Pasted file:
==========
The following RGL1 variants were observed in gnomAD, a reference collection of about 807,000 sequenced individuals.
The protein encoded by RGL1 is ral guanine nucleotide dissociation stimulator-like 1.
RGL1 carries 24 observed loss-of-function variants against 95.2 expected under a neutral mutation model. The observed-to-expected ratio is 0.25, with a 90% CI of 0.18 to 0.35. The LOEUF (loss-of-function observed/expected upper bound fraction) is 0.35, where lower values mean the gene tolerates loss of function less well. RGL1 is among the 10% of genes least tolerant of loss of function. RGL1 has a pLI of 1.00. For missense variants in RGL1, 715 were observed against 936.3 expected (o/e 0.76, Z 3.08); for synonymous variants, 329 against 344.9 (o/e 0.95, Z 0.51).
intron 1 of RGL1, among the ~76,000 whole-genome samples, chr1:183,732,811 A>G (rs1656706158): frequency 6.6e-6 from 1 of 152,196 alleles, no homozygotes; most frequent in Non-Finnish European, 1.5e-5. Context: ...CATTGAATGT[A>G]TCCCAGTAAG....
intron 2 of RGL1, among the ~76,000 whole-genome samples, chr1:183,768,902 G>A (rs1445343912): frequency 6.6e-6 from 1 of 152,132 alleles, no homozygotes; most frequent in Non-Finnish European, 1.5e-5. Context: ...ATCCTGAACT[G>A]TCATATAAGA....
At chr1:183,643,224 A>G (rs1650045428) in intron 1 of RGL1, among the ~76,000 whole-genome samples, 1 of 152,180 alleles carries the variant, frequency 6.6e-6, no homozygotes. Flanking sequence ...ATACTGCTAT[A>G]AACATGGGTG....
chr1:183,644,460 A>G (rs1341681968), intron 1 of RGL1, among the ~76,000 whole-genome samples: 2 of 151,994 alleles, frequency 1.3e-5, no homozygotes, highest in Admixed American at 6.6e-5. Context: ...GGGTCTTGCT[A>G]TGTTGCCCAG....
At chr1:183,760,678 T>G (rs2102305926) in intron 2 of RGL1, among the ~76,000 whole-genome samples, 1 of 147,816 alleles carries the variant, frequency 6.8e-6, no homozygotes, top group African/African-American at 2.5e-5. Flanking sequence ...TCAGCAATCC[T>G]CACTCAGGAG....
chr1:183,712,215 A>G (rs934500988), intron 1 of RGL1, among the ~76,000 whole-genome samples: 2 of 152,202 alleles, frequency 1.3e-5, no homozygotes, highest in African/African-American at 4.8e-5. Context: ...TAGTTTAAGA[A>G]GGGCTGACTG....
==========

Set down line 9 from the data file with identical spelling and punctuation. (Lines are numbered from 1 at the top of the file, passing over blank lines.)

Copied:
chr1:183,712,215 A>G (rs934500988), intron 1 of RGL1, among the ~76,000 whole-genome samples: 2 of 152,202 alleles, frequency 1.3e-5, no homozygotes, highest in African/African-American at 4.8e-5. Context: ...TAGTTTAAGA[A>G]GGGCTGACTG....